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Security

Is Linux More Secure than Windows?

Filed under
GNU
Linux
Microsoft
Security

When it comes to control systems, a common question has long been: Is Linux inherently more secure than Windows? Being a fan of Linux/Unix systems, I desperately want to answer “yes” to this question. During the 1980s and 1990s, so much of the work I was involved in ran under Unix. These days I run Linux on my home computer, and once a year I boot up a Windows XP virtual machine running under Virtual Box, to run my tax software. In the office, I rant about the lousy Windows operating system (OS) and ask why the world doesn’t switch to Linux. And as much as I hate to admit it, as a system integrator I am mostly locked into dealing with Microsoft’s flavor of the month operating system because of customer standards and the tools available.

From the appearance of “Brain,” which is recognized as the first computer virus, in 1986, to Stuxnet to the Zotob worm (the virus that knocked 13 of DaimlerChrysler’s U.S. automobile manufacturing plants offline), one thing all these viruses have in common is that they were directed at Microsoft’s operating systems. However, according to Zone-H (an archive of defaced websites), in a statistics report for the period 2005-2007: “In the past the most attacked operating system was Windows, but many servers were migrated from Windows to Linux… Therefore the attacks migrated as well, as Linux is now the most attacked operating system with 1, 485,280 defacements against 815,119 in Windows systems (numbers calculated since 2000).”

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Free Linux Firewall OS IPFire 2.15 Core 81 Features Gets Multiple Fixes

Filed under
OS
GNU
Linux
Security

Michael Tremer, a developer for the ipfire.org team, has announced that IPFire 2.13 Core 81, a new stable build of the popular Linux-based firewall distribution, bringing quite a few security fixes.

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Linux Security Threats on the Rise

Filed under
GNU
Linux
Security

Every year, heck...every month, Linux is adopted by more companies and organizations as an important if not primary component of their enterprise platform. And the more serious the hardware platform, the more likely it is to be running Linux. 60% of servers, 70% of Web servers and 95% of all supercomputers are Linux-based!

Even if they're not "Linux shops", companies realize certain benefits from bringing Linux in for specific purposes. Its reliability, flexibility, scalability and cost of ownership offer huge advantages over other OSes...but I don't have to tell you that, do I? You probably earn your keep because of these statistics!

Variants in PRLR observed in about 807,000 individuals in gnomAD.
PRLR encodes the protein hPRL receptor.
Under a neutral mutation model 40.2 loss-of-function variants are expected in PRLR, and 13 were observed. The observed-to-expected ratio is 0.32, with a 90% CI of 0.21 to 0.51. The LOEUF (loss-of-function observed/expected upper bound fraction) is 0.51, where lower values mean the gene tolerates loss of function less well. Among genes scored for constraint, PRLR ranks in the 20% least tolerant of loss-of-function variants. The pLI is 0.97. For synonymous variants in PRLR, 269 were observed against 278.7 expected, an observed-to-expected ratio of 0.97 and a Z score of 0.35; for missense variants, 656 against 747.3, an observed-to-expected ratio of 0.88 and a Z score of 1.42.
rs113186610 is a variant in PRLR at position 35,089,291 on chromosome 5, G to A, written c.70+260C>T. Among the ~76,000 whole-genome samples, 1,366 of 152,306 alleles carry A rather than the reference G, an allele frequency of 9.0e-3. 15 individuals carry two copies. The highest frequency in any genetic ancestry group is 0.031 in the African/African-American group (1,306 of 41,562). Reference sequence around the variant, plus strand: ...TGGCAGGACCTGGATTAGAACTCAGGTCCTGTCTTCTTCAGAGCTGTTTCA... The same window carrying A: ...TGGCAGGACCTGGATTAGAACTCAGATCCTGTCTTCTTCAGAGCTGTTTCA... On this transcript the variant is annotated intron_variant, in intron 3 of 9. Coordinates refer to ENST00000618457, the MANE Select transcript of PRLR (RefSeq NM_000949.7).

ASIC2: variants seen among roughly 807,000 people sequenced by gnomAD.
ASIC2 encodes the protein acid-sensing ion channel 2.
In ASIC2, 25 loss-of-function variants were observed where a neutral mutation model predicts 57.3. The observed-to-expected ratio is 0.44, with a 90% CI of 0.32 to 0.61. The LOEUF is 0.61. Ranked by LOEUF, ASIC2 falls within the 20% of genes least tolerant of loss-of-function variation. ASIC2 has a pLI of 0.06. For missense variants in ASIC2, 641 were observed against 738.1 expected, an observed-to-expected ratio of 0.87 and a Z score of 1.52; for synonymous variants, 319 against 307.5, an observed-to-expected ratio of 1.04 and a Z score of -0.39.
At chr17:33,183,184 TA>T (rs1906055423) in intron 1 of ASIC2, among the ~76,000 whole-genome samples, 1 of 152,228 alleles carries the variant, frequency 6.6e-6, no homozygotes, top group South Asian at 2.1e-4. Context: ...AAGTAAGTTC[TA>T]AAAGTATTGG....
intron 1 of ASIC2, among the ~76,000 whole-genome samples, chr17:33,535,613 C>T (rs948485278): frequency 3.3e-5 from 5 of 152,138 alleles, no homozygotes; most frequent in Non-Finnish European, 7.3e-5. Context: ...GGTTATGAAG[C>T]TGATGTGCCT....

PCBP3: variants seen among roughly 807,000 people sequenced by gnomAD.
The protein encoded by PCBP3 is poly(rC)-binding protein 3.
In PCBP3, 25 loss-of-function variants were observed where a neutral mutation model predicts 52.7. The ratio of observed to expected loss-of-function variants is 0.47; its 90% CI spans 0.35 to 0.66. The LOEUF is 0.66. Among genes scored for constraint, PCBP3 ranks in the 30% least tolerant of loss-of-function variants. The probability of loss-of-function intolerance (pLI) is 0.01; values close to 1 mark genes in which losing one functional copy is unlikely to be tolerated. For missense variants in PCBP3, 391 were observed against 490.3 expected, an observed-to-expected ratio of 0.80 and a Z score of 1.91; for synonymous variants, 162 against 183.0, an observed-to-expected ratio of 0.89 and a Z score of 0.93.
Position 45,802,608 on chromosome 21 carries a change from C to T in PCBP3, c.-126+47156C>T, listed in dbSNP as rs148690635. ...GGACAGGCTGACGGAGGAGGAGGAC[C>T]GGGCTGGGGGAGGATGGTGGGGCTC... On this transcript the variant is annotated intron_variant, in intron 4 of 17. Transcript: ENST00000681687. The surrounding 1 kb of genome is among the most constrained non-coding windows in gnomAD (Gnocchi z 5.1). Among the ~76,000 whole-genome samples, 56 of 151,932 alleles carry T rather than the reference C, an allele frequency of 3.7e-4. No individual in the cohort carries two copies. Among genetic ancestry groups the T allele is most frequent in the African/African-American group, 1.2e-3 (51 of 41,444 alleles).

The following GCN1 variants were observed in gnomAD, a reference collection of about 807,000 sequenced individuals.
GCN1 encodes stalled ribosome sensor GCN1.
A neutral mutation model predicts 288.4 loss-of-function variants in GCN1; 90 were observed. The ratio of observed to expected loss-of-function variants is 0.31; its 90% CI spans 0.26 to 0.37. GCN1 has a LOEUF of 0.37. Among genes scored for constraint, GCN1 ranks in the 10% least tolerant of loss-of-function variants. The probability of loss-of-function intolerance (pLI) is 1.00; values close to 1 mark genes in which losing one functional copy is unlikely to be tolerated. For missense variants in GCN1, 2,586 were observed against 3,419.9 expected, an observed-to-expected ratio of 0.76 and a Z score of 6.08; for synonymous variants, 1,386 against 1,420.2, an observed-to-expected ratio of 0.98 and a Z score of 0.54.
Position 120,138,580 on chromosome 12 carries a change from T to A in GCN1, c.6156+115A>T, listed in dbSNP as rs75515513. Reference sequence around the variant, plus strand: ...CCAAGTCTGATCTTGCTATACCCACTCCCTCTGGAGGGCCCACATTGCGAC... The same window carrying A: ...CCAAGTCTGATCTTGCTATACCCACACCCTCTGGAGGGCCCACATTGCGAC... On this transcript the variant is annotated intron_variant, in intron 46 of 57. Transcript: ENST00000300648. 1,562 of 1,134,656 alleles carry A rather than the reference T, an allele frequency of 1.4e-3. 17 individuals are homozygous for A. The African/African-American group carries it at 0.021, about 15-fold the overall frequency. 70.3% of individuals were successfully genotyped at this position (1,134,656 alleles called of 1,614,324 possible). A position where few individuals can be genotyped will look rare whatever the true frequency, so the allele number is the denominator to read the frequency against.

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Qubes 2 RC2 Is Probably the Most Secure Operating System in Existence – Gallery

Filed under
GNU
Linux
Security

Qubes, an open source operating system designed to provide strong security for desktop computing, which is based on Xen, X Window System, and Linux and can run most Linux applications and utilize most of the Linux drivers, is now at version 2 RC2 and it's ready for testing.

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IPFire 2.15 Core 80 Is a Powerful and Free Linux Firewall OS

Filed under
GNU
Linux
Security

Michael Tremer, a developer for the ipfire.org team, has announced that IPFire 2.13 Core 80, a new stable build of the popular Linux-based firewall distribution, has been released and is now available for download.

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Mozilla's Developer Network Site Has Leaks

Filed under
Moz/FF
Security

Mozilla's website dedicated to developers has suffered from a database error that has exposed email addresses and encrypted passwords of registered users for about a month, the company announced.
About 76,000 Mozilla Development Network (MDN) users had their email addresses exposed, along with around 4,000 encrypted passwords, said Stormy Peters, director of development relations, and Joe Stevensen, operations security manager. Many of those affected have already been notified.

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Answering questions regarding the Fedora Security Team

Filed under
Red Hat
Security

Wow, I had no idea that people would care about the start of this project. There seems to be a few questions out there that I’d like to address here to clarify what we are doing and why.

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Mitro Releases a New Free & Open Source Password Manager

Filed under
OSS
Security

Today, Twitter acquired a password manager startup called Mitro. As part of the deal, Mitro will be releasing the source to its client and server code under the GPL.